Accountancy’s Sisyphean challenge


ACCORDING TO LEGEND, Sisyphus was the original groundhog; punished by being forced to roll a boulder up a hill but, before he could reach the summit, the boulder would roll back down the hill and Sisyphus would have to commence his task again. 

In light of the recent Court of Appeal case between Prudential and the Special Commissioner of Income Tax, accountants’ wish to be covered by legal advice privilege has again been dealt a Sisyphean blow. In his judgment, Lord Justice Lloyd reaffirmed the status quo that legal advice privilege only covers communications between clients and qualified lawyers (solicitors, barristers and suitably qualified foreign lawyers). It does not apply to communications with other professionals, regardless of the level of confidentiality involved or, indeed, whether the advice provided was that of a legal nature. What mattered was who was providing the advice, rather than the content of the advice.

The courts in England and Wales recognise two main forms of legal professional privilege (LPP), namely legal advice privilege and litigation privilege. The latter relates to communications between lawyers, their clients or either of them and third parties (including accountants) where the dominant purpose of the communication is in connection with actual or pending litigation. The former relates, with only very limited exceptions provided by statute, to communications between lawyers and their clients giving or receiving legal advice.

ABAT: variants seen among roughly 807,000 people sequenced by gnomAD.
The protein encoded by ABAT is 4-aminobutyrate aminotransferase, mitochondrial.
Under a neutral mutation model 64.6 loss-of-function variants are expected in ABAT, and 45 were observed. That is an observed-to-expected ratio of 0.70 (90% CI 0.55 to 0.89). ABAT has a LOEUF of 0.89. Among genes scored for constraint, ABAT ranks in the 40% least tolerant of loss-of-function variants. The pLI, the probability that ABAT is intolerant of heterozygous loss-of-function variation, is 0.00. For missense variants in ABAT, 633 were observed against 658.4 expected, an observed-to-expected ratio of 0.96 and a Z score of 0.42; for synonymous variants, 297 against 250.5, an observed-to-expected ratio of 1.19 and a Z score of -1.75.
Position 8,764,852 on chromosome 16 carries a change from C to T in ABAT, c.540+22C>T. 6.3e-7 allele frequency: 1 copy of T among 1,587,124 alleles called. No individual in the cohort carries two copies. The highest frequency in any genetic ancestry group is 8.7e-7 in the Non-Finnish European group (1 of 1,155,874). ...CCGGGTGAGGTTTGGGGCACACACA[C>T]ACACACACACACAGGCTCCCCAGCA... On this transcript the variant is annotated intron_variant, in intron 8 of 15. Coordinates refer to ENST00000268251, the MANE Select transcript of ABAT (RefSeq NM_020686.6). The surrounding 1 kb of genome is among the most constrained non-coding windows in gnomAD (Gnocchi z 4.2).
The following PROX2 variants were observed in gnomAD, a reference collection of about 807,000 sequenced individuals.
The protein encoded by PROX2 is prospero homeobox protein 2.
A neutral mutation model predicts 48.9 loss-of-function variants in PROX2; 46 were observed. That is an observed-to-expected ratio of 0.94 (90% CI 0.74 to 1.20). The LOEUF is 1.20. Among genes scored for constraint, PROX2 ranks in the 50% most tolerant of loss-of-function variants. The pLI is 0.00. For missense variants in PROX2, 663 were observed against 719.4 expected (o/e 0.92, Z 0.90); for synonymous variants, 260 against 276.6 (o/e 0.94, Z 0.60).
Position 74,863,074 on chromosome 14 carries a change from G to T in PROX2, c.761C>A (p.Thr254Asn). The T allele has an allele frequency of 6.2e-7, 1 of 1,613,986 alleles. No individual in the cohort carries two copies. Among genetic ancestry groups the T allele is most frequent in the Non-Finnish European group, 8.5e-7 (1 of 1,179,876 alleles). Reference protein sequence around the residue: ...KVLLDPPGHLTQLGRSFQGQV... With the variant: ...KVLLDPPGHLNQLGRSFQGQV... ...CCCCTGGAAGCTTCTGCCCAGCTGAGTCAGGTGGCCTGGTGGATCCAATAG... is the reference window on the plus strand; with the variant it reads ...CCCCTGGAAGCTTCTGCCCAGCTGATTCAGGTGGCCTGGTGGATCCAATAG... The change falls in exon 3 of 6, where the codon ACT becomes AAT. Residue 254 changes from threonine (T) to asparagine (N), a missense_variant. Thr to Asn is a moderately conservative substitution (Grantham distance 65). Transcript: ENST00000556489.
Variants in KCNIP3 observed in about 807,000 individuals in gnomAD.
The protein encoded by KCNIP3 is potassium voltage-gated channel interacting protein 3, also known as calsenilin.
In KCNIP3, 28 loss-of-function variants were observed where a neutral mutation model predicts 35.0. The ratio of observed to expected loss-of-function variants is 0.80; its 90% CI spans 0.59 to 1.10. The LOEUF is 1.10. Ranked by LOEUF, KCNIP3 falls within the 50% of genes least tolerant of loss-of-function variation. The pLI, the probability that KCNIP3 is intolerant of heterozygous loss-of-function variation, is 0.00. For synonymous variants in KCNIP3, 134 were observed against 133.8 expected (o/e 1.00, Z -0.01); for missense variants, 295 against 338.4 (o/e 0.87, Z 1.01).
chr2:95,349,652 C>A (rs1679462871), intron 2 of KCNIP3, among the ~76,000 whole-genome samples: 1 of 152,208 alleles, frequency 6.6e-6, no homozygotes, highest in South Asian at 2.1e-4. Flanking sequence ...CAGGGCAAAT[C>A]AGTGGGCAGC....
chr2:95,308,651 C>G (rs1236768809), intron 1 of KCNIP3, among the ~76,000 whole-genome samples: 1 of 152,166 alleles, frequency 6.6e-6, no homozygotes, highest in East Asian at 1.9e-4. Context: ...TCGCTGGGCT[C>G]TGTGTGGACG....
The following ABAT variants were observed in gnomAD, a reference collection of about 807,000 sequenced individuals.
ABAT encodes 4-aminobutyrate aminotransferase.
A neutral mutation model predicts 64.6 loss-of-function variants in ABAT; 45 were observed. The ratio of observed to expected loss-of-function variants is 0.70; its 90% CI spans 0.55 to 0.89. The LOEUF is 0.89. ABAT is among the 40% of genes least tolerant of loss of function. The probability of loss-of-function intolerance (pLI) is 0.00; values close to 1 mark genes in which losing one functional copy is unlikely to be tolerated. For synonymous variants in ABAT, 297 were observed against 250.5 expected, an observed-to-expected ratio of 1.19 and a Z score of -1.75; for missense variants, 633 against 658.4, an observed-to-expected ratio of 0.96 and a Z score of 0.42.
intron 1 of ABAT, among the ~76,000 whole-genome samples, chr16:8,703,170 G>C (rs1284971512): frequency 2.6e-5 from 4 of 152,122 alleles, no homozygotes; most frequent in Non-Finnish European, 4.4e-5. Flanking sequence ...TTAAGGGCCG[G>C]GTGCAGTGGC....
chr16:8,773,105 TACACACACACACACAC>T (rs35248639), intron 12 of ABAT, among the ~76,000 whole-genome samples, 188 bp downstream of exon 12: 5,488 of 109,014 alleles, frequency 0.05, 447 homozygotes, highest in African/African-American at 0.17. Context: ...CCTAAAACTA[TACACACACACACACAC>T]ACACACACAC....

The Prudential case reaffirmed the distinction between lawyers and other professionals, in that lawyers first have a responsibility to court and then the client, which arguably places them in a unique position. Lord Justice Lloyd found that there are significant differences between how lawyers and accountants are regulated and confirmed that any amendment to LPP should come about through primary legislation.

This case is a timely reminder that accountants and their clients are exposed to the risk of being required to disclose documents they may consider to be highly confidential and that advice on tax structures given by accountants will not be privileged. 

It may be questioned how much this matters in practice for many tax-payers who will continue to use accountants and, in the interests of transparency and full disclosure, engage fully and openly with HMRC. For those tax-payers who are concerned with privilege, either as a matter of principle or in a specific situation, there are practical steps that accountants and their clients should consider. 

Firstly, without detracting from one’s duties to the client and the desire for full disclosure, consider how to transmit any advice. Explain to your clients that the advice may have to be disclosed to HMRC or to a court. Secondly, where lawyers are likely to be involved, instruct them early in the advice process. It may be possible to structure the arrangements between the various professionals so that communications are privileged.

With time, accountants’ luck may change. Parliament may legislate to bring about changes and there remains the possibility that the Supreme Court will allow an appeal in the Prudential case. And, let us not forget that there is no evidence that clients are put off instructing accountants for tax advice due to the lack of privilege. It is perhaps wise to remember Camus’ words in his Myth of Sisyphus: “One must imagine Sisyphus happy [as] the struggle itself towards the heights is enough to fill a man’s heart.”

Charles Evans is partner and Roberto Pagliarulo is associate in the dispute resolution team at law firm Norton Rose


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